Even though my school days are very much behind me, every September I feel the ‘back to school’ bells tolling around the country and it takes me back to the days when I would get excited about seeing my friends again, and (almost as) excited about visiting the stationery shop to stock up on new lever arch files, and as many new pens as I could justify spending money on (bearing in mind we always had a good number of pens lying around at home, but they were boring biros, so unacceptable for a teenager’s pencil case).
I was someone who studied hard at school. I hate using or hearing the word ‘swot’ – because I probably was one (and the fact that I was particularly average at sport maybe backs up my theory that books were more my thing).
Looking back, I don’t quite know what it was that made me study hard. I’d like to say it was the gratification that came with learning, but I think it was much more likely that the drive to succeed was accompanied by an innate fear of failure, and the sense of shame that I felt whenever I didn’t do as well in something as I thought I should do.
And I carried this with me into work - in the first few years I felt on a constant goal-driven path but I’m not sure what the goal was - “non-failure”, whatever that is? It is hardly an inspirational interview response (Question: “Where do you see yourself in ten years' time?” Answer: “I’d like not to be a horrible failure”).
Worrying about what might happen if I did not do well occupied far more of my time at work than celebrating and experiencing moments that did go well. I found living in this way fairly exhausting and not particularly rewarding. Don’t get me wrong – no one at school or work knew this was how I felt most of the time: I was a high-functioning worrier.
So how did mindfulness help me?
Mindfulness cultivates the ability to focus on the present, on purpose and without judgement. All of these elements help me, but in particular:
Being able to focus more on the present has helped liberate me from worrying endlessly about the future or churning over the past and wondering whether it or I was ‘good enough’ in a particular moment that has already passed. I’m not saying I don’t ever do this now, but I notice when it is happening and that, in itself, is useful. It also doesn’t mean I don’t think about or learn from the past – but we can churn over moments that can’t be changed with a sense of relentless desperation, and it can end up leaving us stuck. Mindfulness can help untangle that.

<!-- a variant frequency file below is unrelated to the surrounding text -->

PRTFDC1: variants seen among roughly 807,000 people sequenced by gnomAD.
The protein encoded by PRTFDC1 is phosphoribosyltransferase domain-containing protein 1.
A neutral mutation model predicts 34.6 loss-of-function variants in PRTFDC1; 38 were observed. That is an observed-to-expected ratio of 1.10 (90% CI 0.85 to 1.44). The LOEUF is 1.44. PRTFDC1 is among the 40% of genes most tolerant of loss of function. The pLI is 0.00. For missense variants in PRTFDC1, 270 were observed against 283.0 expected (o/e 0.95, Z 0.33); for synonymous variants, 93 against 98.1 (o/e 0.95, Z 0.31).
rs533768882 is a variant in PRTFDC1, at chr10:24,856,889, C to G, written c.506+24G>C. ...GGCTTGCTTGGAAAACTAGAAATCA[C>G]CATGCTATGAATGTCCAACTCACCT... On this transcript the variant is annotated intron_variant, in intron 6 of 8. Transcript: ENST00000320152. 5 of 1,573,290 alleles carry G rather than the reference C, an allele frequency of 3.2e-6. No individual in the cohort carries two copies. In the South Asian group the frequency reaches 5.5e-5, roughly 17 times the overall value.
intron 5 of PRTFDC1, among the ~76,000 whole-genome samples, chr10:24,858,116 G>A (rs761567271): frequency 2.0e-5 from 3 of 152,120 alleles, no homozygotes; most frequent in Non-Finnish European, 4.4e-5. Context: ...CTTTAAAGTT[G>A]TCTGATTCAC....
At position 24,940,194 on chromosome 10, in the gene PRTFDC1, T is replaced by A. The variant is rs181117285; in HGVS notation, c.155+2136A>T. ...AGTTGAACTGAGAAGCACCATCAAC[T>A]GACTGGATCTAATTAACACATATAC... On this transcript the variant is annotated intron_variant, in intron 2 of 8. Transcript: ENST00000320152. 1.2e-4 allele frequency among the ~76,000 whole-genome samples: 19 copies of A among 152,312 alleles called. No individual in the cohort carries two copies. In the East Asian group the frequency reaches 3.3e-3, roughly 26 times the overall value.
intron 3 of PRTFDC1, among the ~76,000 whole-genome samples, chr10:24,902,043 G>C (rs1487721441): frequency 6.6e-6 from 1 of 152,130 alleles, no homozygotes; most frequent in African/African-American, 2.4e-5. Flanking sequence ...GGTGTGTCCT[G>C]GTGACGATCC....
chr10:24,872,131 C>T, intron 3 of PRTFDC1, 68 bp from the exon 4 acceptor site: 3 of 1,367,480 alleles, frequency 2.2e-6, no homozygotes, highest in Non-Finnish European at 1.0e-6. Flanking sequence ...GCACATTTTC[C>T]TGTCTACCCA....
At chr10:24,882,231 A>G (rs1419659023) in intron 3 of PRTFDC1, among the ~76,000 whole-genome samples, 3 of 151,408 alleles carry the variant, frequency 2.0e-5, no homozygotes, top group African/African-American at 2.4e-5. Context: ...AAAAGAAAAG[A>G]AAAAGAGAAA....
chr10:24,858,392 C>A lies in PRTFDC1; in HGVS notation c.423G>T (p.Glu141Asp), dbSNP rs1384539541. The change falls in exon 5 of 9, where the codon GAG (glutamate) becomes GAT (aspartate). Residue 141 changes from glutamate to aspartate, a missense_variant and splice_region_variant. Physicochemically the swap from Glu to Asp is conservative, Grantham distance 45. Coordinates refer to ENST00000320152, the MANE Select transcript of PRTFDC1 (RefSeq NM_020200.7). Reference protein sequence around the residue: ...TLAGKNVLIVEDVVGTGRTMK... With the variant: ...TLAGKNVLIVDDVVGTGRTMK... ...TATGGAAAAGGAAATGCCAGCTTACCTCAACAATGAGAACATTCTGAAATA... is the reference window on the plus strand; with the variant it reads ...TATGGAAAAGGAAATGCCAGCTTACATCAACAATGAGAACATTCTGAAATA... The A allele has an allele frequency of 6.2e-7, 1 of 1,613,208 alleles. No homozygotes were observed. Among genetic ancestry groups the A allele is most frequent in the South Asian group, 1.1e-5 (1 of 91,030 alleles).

Noticing “without judgement"has given me the capacity to be kinder to myself and notice when the pressure I’m experiencing to reach a particular standard is internal rather than coming from elsewhere.
As liberating as it was to discover this with mindfulness, it was also a shift for me. It took (and still takes) some getting used to that there is no "A" in mindfulness – there is no "nailing it", no end goal and no particular way to be or place to reach when you practice. As someone used to the western schooling system where grades were the ultimate evidence of your achievement in life (followed in later life by other universal standards (salary, house, family life for example)), I found the idea of practice for practice’s sake quite difficult at first. I was concerned there was some secret meditator code that I hadn’t tapped into, and that if I practised and concentrated really REALLY hard, I would just ‘get’ mindfulness and know that it was all worth it.
But that didn’t happen. Each time we practice mindfulness it will be different, and letting go of expectations about what will happen in a practice requires patience and persistence. At times I can find it boring, frustrating or difficult to fit into my day. But at times it has created a sense of calm that I haven’t known before, it has supported my resilience in times of difficulty and, as importantly, it has helped me to notice and appreciate when things are good – rather than worrying about the fact that they might not be good enough or that the good might not last forever (which slightly ruins the good times, if you think about it).
So, there is no A to achieve in mindfulness. Knowing that there are no marks at the end, and that you’re OK noticing the present just as it is for you right now, however that is, is immensely liberating.